Haghparast A et al (2017) Functional roles of orexin/hypocretin receptors in reward circuit. Prog Brain Res 235:139–154CrossRefGoogle Scholar
  6. 6.
    Karimi S et al (2019) Orexin 1 receptors in the anterior cingulate and orbitofrontal cortex regulate cost and benefit decision-making. Prog Neuropsychopharmacol Biol Psychiatry 89:227–235CrossRefGoogle Scholar
  7. 7.
    Sadeghzadeh F et al (2016) Differential effects of intra-accumbal orexin-1 and -2 receptor antagonists on the expression and extinction of morphine-induced conditioned place preference in rats. Pharmacol Biochem Behav 142:8–14CrossRefGoogle Scholar
  8. 8.
    Zarrabian S et al (2018) The potential role of the orexin reward system in future treatments for opioid drug abuse. Brain Res. Google Scholar
  9. 9.
    Bingham S et al (2001) Orexin-A, an hypothalamic peptide with analgesic properties. Pain 92(1–2):81–90CrossRefGoogle Scholar
  10. 10.
    van den Pol AN (1999) Hypothalamic hypocretin (orexin): robust innervation of the spinal cord. J Neurosci 19(8):3171–3182CrossRefGoogle Scholar
  11. 11.
    Park KB, Weon H (2017) Orexin receptors mediate long-term depression of excitatory synaptic transmission in the spinal cord dorsal horn. Neurosci Lett 660:12–16CrossRefGoogle Scholar
  12. 12.
    Azhdari-Zarmehri H, Semnanian S, Fathollahi Y (2014) Orexin-A microinjection into the rostral ventromedial medulla causes antinociception on formalin test. Pharmacol Biochem Behav 122:286–290CrossRefGoogle Scholar
  13. 13.
    Azhdari Zarmehri H et al (2011) Intra-periaqueductal gray matter microinjection of orexin-A decreases formalin-induced nociceptive behaviors in adult male rats. J Pain 12(2):280–287CrossRefGoogle Scholar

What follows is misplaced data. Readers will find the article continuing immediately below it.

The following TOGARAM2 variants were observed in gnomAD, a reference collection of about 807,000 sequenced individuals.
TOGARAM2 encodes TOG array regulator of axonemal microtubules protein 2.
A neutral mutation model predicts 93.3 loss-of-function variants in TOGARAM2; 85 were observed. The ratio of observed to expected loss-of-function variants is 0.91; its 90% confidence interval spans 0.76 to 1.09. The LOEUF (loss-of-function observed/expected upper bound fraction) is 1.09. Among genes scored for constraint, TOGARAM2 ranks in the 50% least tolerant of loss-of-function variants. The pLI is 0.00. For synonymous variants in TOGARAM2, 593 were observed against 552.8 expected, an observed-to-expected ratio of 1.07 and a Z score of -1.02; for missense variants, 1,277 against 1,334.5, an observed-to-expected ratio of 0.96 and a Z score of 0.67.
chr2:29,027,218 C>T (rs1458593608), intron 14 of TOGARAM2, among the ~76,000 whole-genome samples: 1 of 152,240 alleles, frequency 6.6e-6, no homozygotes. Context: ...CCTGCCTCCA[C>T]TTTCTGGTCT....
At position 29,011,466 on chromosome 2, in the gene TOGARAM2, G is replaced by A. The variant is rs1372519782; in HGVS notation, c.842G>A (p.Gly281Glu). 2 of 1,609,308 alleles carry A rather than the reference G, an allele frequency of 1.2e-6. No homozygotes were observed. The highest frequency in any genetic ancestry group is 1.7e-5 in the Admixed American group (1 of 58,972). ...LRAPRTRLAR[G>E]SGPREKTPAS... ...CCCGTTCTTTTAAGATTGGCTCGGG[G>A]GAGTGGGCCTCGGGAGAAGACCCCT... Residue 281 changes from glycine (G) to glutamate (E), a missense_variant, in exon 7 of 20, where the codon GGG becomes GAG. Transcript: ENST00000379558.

14. 14.
    Azhdari-Zarmehri H et al (2013) Involvement of orexin-2 receptors in the ventral tegmental area and nucleus accumbens in the antinociception induced by the lateral hypothalamus stimulation in rats. Peptides 47:94–98CrossRefGoogle Scholar
  15. 15.
    Haghparast A et al (2018) Blockade of the orexin receptors in the CA1 region of hippocampus decreased the lateral hypothalamic-induced antinociceptive responses in the model of orofacial formalin test in the rats. Peptides 99:217–222CrossRefGoogle Scholar
  16. 16.
    Cluderay JE, Harrison DC, Hervieu GJ (2002) Protein distribution of the orexin-2 receptor in the rat central nervous system. Regul Pept 104(1–3):131–144CrossRefGoogle Scholar
  17. 17.
    Hervieu GJ et al (2001) Gene expression and protein distribution of the orexin-1 receptor in the rat brain and spinal cord. Neuroscience 103(3):777–797CrossRefGoogle Scholar
  18. 18.
    Feng XM et al (2012) Involvement of spinal orexin A in the electroacupuncture analgesia in a rat model of post-laparotomy pain. BMC Complement Altern Med 12:225CrossRefGoogle Scholar
  19. 19.
    Jeong Y, Holden JE (2009) The role of spinal orexin-1 receptors in posterior hypothalamic modulation of neuropathic pain. Neuroscience 159(4):1414–1421CrossRefGoogle Scholar